The taxonomy of late Cenozoic-Recent Pectinidae of the genera "Chlamys", Zygochlamys and Adamussium from Antarctica, the Southern Ocean and adjacent areas is revised. Species that have been included in Zygochlamys are shown to belong to four genera: Zygochlamys, Psychrochlamys gen. nov., Talochlamys, and Austrochlamys gen. nov. The first genus is confined to Late Eocene-Pliocene rocks in South America; the second is distributed in the SE Pacific, off southern South America and in the sub-Antarctic region of New Zealand with three extant species, Psychrochlamys patagonica, P. delicatula and P. phalara, and has a ?Late Miocene-Recent range; Mid Eocene-Recent Talochlamys is widespread in the temperate Southern Hemisphere; and Austrochlamys is a chiefly fossil Antarctic genus, with one surviving species, A. natans, in southernmost South America. Oligocene-Recent Adamussium is exclusively Antarctic. Four new species and two new subspecies are described: early Late Pliocene Psychrochlamys whenuataruensis from the New Zealand region, ?late Pleistocene Austrochlamys natans walosseki from the Patagonian shelf and off New Zealand, and Early Miocene Austrochlamys marisrossensis, Oligocene Austrochlamys gazdzickii, Pliocene Adamussium colbecki cockburnensis, and Oligocene-?Early Miocene Adamussium alanbeui, all from Antarctica. One new tribe is defined: Austrochlamydini. Analysis of shell morphology suggests that all genera contained both byssate and free-living forms.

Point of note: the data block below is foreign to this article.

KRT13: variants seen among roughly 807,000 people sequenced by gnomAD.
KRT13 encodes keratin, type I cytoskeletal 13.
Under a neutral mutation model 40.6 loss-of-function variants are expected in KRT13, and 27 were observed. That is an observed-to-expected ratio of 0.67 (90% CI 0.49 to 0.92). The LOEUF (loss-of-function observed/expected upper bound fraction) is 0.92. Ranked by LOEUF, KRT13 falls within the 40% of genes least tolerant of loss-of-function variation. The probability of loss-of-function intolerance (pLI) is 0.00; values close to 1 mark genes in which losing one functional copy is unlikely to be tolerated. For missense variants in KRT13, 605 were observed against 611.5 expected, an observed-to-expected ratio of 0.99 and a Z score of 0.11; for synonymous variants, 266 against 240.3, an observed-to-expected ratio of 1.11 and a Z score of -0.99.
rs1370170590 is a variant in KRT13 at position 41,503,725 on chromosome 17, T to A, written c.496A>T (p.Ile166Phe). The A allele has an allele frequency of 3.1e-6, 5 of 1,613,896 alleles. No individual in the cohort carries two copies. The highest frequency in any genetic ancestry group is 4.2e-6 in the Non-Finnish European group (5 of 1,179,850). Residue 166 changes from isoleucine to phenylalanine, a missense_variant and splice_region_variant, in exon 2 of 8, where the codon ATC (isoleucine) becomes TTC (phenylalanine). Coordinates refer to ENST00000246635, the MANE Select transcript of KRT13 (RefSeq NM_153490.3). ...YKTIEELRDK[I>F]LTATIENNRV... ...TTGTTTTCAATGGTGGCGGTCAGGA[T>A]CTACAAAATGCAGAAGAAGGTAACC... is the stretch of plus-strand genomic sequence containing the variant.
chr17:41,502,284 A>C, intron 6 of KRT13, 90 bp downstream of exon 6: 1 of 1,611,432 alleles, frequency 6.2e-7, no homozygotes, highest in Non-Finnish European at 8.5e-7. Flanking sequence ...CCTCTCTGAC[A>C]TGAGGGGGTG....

It is concluded that Psychrochlamys evolved from Zygochlamys during the Late Miocene, when cold-water habitat became more widespread in South America as a result of expanding Antarctic ice shelves. The spatial and stratigraphical distributions of fossils of Austrochlamys and Adamussium suggest that these genera largely (or entirely in the latter genus) evolved in Antarctica, and that faunal exchange with areas north of the Antarctic Convergence was limited to the Late Miocene expulsion to South America of forms ancestral to A. natans. Long distance faunal migrations were instead mostly of a longitudinal nature, with repeated arrivals of Psychrochlamys in New Zealand, and a single dispersal event of Austrochlamys natans, probably during late Pleistocene. The Late Pliocene extinction of Austrochlamys in Antarctica is thought to result from the loss of shallow-water habitat, caused by the expansion of shelf ice due to cooling at around 2.5 Ma.
Pectinidae, taxonomy, evolution, ecology, Cenozoic, Antarctica.